The US Marshals Service is supposed to protect state and federal detainees while they await trial. But according to a recent Mother Jones investigation, the Marshals are running a vast, secretive network of substandard, profit-hungry detention centers instead.
The investigation tells the story of a West Texas resident, Isac Garcia-Wislar, a man who became a casualty of the US Marshal’s detention scheme. Two years ago, in March 2017, Isac was a passenger in his cousin’s car when they were pulled over for speeding by a sheriff’s deputy. He’d been living in the US for decades at this point. His wife held a green card, and his children were American citizens, having been born in the US.
The deputy allegedly discovered open containers of alcohol, as well as cocaine. Despite the fact that Isac wasn’t driving, and it wasn’t his car, Isac was arrested. He didn’t have identification, so the deputy called Border Patrol to report him. Border Patrol, in turn, referred him to federal prosecutors, according to Mother Jones. Because Isac had been deported once before, on a regular trip between his Texas residence and his family’s ranch in Mexico, he was charged with illegal reentry. That’s a federal felony.
Isac was placed into the US Marshals Service as a detainee. What happens next is a grisly example of how the service neglects the charges in its custody. The Mother Jones story details Isac’s four months In the Tom Green County Jail, during which he developed multiple illnesses that went completely ignored by the Marshals running the facility.
Isac ultimately died in the jail, and two doctors independently confirmed that his jailers’ decisions to repeatedly ignore his complaints, as well as his family’s concerns, appeared to have all but assured his death. To make matters even more grave, there’s no indication that the Tom Green County Jail ever investigated his death.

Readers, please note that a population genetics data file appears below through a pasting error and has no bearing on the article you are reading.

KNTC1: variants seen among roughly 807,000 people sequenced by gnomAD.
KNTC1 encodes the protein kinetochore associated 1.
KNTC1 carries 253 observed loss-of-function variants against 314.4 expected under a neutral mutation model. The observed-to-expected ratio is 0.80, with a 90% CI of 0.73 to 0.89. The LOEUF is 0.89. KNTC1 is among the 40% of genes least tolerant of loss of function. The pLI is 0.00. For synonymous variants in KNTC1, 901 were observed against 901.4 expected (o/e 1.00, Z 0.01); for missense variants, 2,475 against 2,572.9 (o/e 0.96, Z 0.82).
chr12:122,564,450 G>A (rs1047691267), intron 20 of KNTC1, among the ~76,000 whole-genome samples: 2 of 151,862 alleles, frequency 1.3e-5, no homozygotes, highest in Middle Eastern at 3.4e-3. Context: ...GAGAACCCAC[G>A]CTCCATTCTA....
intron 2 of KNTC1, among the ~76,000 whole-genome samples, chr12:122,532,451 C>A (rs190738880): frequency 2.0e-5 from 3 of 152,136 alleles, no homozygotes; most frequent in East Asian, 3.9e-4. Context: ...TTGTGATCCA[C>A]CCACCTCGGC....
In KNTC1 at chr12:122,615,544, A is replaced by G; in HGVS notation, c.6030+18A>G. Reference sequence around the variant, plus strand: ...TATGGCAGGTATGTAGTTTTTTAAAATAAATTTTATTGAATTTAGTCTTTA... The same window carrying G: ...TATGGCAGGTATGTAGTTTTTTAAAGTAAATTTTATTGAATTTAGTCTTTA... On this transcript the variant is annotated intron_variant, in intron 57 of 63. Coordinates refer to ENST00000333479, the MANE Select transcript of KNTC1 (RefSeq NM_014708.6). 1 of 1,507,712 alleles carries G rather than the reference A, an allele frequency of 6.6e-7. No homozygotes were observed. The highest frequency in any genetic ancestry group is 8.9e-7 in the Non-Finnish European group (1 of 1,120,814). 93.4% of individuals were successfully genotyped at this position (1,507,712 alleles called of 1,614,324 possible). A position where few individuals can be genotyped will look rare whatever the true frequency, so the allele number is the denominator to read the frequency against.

Isac’s story is, unfortunately, one of many cases of mistreatment, harassment, and even death inside the Marshals system. Part of the problem is that the Marshals operate largely under the radar. The author of the Mother Jones piece literally had to sue the organization to gain access to annual inspections that documented the deaths of over 150 people in Marshals detention between 2016 and 2019 -- and hundreds more in the five years before.
So why are they able to lay so low, despite catastrophic outcomes for the people in their charge? They’re shadowy. They contract operations of prisons out to other organizations, so the innumerable injustices that occur there are rarely traced back to them.
Rather than operating their own prison systems, Marshals provide oversight to the people and systems who do. Or rather, they’re supposed to -- which they aren’t doing. They -- a federal agency -- effectively ignore problems and allow the major players in the for-profit prison industrial complex to continue taking federal paychecks to the bank, handing down clean inspection reports despite extremely substandard conditions that put prisoners at risk.
That’s why journalists so frequently call out individual prisons and the for-profit prison system as a whole, but so rarely the Marshals themselves. That’s how the organization evades publicly taking responsibility for their actions. It’s that simple.
Here’s a high-profile example: billionaire Jeffrey Epstein was a Marshals detainee. The agency was responsible for his detention, as well as the investigation into him. But when he died by suicide in his federally-run jail cell at the Metropolitan Correctional Center in New York City, the public scrutinized the negligent guards, the prison itself -- but the Marshals were never a major part of the conversation around the operational sloppiness that enabled his death while in custody. In the case of Epstein, even international attention and journalistic examination couldn’t bring the Marshals into the spotlight.